Place the hot lids on top of the jars and screw the jar rings in place. (I didn’t bother with boiling the rings. It made no difference.) Don’t overscrew the rings too tightly; just make sure they’ll stay in place.
Submerge the covered jars in the water and make sure you have a good inch or two of water covering the tops of the jars. (So make sure before you start that the size jars you want to use will work in the stock pot you’ve got.) Bring the water to a low boil and allow jars to process for about fifteen minutes.♥ (High altitudes might want to go 20 minutes.)
♥Chef’s Note: I used 12-ounce jars for my apple butter. Half-pints seemed kind of shabby and pint-sized seemed awfully big. Fifteen minutes should be plenty for pint-sized jars as well, though.
After fifteen minutes, remove the jars (a jar lifter looks like tongs and can be bought for very little $) and set on a dry dishtowel spaced apart to cool. You can remove the rings during this stage if you want. I just left mine on since it didn’t look like any leaks or seepage had occured. You’ll notice the rings are much looser now that the heated metal has expanded. This is normal.
Over the next few hours of cooling, you should hear an occasional “PLINK!” as the flat lids begin to seal themselves. You can tell which ones have already sealed by pressing down on the center “button” of the lid. If it pops up and down, the jar has not yet sealed. Sealed jar buttons will stay down, just like the jars of food you buy at the store. (The ones wiht the warning that reads, “If button has popped up, do not purchase this jar” and the like.)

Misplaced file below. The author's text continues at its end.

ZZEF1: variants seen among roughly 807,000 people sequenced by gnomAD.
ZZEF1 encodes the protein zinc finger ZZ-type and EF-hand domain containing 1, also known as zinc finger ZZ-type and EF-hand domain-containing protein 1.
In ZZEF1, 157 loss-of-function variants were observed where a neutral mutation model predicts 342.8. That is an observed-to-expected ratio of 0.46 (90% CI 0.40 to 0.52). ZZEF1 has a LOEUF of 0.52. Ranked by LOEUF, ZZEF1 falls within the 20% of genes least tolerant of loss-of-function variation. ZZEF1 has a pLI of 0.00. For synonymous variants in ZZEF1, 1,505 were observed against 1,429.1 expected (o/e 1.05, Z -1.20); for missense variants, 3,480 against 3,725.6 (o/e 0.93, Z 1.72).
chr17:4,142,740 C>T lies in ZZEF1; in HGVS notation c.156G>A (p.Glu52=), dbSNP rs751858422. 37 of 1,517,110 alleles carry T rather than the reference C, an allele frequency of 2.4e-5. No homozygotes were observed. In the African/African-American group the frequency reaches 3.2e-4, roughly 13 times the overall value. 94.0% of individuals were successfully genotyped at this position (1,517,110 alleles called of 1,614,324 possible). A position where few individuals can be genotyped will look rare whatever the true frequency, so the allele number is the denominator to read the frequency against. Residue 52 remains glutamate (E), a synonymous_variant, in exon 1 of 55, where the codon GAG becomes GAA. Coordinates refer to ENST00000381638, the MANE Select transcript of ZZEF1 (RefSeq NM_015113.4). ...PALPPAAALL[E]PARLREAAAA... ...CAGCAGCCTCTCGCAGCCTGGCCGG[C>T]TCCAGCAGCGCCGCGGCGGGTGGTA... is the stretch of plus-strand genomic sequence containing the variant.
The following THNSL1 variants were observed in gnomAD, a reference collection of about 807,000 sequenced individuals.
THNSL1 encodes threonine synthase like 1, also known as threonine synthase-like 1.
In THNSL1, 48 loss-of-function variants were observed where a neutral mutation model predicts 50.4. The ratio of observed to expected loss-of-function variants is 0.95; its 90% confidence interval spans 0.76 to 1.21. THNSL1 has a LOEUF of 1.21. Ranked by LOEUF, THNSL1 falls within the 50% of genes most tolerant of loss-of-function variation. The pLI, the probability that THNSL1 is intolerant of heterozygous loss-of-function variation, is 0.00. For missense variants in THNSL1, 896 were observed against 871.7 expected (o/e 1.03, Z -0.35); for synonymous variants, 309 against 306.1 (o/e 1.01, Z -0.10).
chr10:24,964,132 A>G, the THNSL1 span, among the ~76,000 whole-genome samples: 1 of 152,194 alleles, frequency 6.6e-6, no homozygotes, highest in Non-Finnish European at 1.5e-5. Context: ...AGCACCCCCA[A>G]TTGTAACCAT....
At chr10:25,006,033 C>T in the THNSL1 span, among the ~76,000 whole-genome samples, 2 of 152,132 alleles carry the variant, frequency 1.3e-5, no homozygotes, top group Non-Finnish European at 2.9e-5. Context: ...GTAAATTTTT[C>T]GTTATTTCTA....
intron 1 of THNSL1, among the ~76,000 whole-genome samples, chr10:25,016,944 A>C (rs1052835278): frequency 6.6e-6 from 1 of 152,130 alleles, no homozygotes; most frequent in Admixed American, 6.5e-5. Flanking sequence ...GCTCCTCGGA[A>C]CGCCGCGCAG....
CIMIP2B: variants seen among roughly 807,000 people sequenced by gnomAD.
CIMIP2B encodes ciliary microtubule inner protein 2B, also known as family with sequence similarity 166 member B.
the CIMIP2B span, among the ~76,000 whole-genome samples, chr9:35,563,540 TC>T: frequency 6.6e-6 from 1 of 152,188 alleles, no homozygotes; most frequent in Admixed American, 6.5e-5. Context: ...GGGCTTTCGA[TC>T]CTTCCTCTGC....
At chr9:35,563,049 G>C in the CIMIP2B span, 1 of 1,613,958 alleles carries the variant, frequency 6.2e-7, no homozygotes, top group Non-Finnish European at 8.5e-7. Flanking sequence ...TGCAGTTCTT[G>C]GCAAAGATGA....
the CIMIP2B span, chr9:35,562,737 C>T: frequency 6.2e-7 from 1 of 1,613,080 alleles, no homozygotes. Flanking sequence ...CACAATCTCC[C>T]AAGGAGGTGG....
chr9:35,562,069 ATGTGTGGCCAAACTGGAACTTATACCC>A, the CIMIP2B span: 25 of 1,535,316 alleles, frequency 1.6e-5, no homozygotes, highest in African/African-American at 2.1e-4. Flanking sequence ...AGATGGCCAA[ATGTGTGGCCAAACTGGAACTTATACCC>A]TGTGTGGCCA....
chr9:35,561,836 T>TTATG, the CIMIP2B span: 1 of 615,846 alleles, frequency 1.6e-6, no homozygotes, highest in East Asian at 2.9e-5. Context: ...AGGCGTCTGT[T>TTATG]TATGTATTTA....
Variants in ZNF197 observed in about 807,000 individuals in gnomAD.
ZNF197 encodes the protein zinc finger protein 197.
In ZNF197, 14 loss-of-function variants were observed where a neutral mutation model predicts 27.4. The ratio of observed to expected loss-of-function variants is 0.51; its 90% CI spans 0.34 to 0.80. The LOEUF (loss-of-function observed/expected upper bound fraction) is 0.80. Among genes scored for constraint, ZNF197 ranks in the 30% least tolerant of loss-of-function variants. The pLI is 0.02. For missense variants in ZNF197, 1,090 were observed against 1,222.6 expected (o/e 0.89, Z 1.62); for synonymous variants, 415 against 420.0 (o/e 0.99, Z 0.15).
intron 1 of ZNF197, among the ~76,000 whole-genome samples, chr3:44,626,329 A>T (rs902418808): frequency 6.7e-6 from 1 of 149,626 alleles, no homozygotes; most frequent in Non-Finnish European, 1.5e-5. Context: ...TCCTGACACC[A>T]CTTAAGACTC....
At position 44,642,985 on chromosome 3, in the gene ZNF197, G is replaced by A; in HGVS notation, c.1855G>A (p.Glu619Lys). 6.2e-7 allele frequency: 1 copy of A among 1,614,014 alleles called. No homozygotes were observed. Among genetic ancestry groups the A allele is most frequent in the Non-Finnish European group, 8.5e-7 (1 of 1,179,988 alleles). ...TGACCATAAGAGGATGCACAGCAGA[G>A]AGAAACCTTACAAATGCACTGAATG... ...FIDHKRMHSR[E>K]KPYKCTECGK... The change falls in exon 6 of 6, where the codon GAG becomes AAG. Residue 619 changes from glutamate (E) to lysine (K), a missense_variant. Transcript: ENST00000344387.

After several hours, the lids should all have sealed themselves. If one or two have not, don’ t worry–the contents inside haven’t been infected or anything; you’ll just have to stick those jars in the fridge and eat them soon after. Don’t give those jars away as gifts–just let them be your fridge sample jars!
And that’s all you need to know about making apple butter! Oh, and a good rule of thumb I used was this: For every 125 ounces of applesauce I used, I got about seven 12-ounce jars of finished, thickened apple butter.
Enjoy your canning!